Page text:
My dear, sweet husband of several decades is Danish. Bless his heart.
He has the metabolism of a polar bear. His favorite sport is ice fishing.
When the weather cools he exchanges his long fishing pole for a short one and tunes up the ice auger.
Many years ago he invited me and our daughters to share in the fun of catching fish on a frozen lake when the temperature is so cold that spit freezes before it hits the snow.
I am convinced ice fishing is a kind of penance some guys inflict upon themselves for past wicked deeds. To ensure the pain is most exquisite, the torture seems to require rising in the darkest part of the coldest night in hell, driving over an hour through a ground blizzard so the fishing can begin
as the sun blinks a cold eye across the lake now covered in three feet of ice.
Here is a picture of DH and his fishing buddy getting ready to share the joy of feet so cold they can pass for frozen hamburger.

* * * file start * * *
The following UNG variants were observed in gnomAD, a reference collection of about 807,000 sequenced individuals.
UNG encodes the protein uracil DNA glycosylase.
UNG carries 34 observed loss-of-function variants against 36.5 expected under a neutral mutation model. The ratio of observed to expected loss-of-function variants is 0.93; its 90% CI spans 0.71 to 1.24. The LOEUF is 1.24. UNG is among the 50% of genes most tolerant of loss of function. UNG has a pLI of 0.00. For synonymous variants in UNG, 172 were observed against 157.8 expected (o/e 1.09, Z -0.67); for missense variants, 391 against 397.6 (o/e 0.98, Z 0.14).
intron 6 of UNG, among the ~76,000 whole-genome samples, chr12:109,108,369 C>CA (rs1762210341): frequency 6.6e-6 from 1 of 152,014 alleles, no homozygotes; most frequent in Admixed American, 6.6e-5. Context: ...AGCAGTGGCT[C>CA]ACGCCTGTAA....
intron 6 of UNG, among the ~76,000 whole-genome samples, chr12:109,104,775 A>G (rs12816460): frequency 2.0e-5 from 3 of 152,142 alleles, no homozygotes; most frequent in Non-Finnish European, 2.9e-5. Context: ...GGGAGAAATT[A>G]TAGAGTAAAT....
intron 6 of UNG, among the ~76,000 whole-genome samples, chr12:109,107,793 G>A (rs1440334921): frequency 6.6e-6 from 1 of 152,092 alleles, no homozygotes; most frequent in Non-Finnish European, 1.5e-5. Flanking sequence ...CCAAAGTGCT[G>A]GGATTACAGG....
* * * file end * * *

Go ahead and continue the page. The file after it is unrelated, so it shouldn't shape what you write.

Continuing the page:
A successful ice fisherman needs to feel the tug of the fish as it takes the line, which means gloves are not an option.
A lot of trout.
DH usually catches his limit and fills up the limit of anyone else who can’t bring in their own.
Fish living in icy lake water have a wonderful, buttery fresh flavor. This is why I have no problem when these lunkers come home for dinner. The fishermen do the cleaning and then fillet them out in preparation for cooking and/or freezing for later.
These are old photos because this is the second and absolutely last time I went ice fishing. The daughter who inherited the Danish blood stayed on the ice and fished with the guys. After about an hour of affliction the other daughter and I skulked off to the car to huddle around the heater and sleep.
Two pages later in this photo album is a picture of me enjoying some January weather the way it should be done.